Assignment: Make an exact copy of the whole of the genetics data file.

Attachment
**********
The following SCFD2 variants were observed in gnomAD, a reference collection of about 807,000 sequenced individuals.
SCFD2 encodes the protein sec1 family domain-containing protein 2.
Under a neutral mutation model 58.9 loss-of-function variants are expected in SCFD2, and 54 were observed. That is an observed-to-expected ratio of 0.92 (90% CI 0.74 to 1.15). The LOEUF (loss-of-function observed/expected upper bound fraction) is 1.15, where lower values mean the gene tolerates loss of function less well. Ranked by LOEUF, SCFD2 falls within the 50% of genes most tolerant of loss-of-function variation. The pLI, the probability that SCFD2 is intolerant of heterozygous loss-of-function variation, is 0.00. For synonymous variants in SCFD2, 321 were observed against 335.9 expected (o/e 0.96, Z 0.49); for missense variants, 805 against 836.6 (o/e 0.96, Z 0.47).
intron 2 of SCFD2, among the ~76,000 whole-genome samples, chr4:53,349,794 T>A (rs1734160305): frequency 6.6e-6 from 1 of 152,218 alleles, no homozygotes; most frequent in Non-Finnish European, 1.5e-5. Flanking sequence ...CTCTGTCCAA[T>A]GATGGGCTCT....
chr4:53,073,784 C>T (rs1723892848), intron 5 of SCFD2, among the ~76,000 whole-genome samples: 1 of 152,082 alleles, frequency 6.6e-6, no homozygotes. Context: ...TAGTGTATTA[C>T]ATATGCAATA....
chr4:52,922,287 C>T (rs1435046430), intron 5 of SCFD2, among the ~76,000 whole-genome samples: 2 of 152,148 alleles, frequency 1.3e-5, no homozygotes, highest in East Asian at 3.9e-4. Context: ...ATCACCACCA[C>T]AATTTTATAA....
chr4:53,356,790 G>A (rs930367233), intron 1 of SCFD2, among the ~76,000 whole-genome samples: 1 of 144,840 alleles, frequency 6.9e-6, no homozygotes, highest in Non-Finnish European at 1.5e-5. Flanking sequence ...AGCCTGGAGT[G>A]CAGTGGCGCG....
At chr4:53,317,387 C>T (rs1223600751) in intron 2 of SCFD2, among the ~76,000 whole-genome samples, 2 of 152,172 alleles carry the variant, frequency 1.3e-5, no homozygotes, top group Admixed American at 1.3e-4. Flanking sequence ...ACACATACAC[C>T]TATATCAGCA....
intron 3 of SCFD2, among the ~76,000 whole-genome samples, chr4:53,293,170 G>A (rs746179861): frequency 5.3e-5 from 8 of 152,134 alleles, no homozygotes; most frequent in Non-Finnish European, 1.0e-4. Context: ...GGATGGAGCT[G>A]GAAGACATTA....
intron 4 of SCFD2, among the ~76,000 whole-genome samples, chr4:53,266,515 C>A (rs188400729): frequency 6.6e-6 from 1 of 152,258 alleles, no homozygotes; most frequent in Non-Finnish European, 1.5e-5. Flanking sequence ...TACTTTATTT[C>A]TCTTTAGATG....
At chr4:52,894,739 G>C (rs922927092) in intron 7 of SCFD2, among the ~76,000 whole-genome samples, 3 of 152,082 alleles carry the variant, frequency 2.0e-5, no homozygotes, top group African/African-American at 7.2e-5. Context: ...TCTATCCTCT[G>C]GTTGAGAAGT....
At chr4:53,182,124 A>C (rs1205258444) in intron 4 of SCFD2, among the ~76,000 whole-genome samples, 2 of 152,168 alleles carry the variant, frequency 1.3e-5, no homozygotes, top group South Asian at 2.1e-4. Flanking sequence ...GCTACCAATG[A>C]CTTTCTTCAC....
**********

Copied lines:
The following SCFD2 variants were observed in gnomAD, a reference collection of about 807,000 sequenced individuals.
SCFD2 encodes the protein sec1 family domain-containing protein 2.
Under a neutral mutation model 58.9 loss-of-function variants are expected in SCFD2, and 54 were observed. That is an observed-to-expected ratio of 0.92 (90% CI 0.74 to 1.15). The LOEUF (loss-of-function observed/expected upper bound fraction) is 1.15, where lower values mean the gene tolerates loss of function less well. Ranked by LOEUF, SCFD2 falls within the 50% of genes most tolerant of loss-of-function variation. The pLI, the probability that SCFD2 is intolerant of heterozygous loss-of-function variation, is 0.00. For synonymous variants in SCFD2, 321 were observed against 335.9 expected (o/e 0.96, Z 0.49); for missense variants, 805 against 836.6 (o/e 0.96, Z 0.47).
intron 2 of SCFD2, among the ~76,000 whole-genome samples, chr4:53,349,794 T>A (rs1734160305): frequency 6.6e-6 from 1 of 152,218 alleles, no homozygotes; most frequent in Non-Finnish European, 1.5e-5. Flanking sequence ...CTCTGTCCAA[T>A]GATGGGCTCT....
chr4:53,073,784 C>T (rs1723892848), intron 5 of SCFD2, among the ~76,000 whole-genome samples: 1 of 152,082 alleles, frequency 6.6e-6, no homozygotes. Context: ...TAGTGTATTA[C>T]ATATGCAATA....
chr4:52,922,287 C>T (rs1435046430), intron 5 of SCFD2, among the ~76,000 whole-genome samples: 2 of 152,148 alleles, frequency 1.3e-5, no homozygotes, highest in East Asian at 3.9e-4. Context: ...ATCACCACCA[C>T]AATTTTATAA....
chr4:53,356,790 G>A (rs930367233), intron 1 of SCFD2, among the ~76,000 whole-genome samples: 1 of 144,840 alleles, frequency 6.9e-6, no homozygotes, highest in Non-Finnish European at 1.5e-5. Flanking sequence ...AGCCTGGAGT[G>A]CAGTGGCGCG....
At chr4:53,317,387 C>T (rs1223600751) in intron 2 of SCFD2, among the ~76,000 whole-genome samples, 2 of 152,172 alleles carry the variant, frequency 1.3e-5, no homozygotes, top group Admixed American at 1.3e-4. Flanking sequence ...ACACATACAC[C>T]TATATCAGCA....
intron 3 of SCFD2, among the ~76,000 whole-genome samples, chr4:53,293,170 G>A (rs746179861): frequency 5.3e-5 from 8 of 152,134 alleles, no homozygotes; most frequent in Non-Finnish European, 1.0e-4. Context: ...GGATGGAGCT[G>A]GAAGACATTA....
intron 4 of SCFD2, among the ~76,000 whole-genome samples, chr4:53,266,515 C>A (rs188400729): frequency 6.6e-6 from 1 of 152,258 alleles, no homozygotes; most frequent in Non-Finnish European, 1.5e-5. Flanking sequence ...TACTTTATTT[C>A]TCTTTAGATG....
At chr4:52,894,739 G>C (rs922927092) in intron 7 of SCFD2, among the ~76,000 whole-genome samples, 3 of 152,082 alleles carry the variant, frequency 2.0e-5, no homozygotes, top group African/African-American at 7.2e-5. Context: ...TCTATCCTCT[G>C]GTTGAGAAGT....
At chr4:53,182,124 A>C (rs1205258444) in intron 4 of SCFD2, among the ~76,000 whole-genome samples, 2 of 152,168 alleles carry the variant, frequency 1.3e-5, no homozygotes, top group South Asian at 2.1e-4. Flanking sequence ...GCTACCAATG[A>C]CTTTCTTCAC....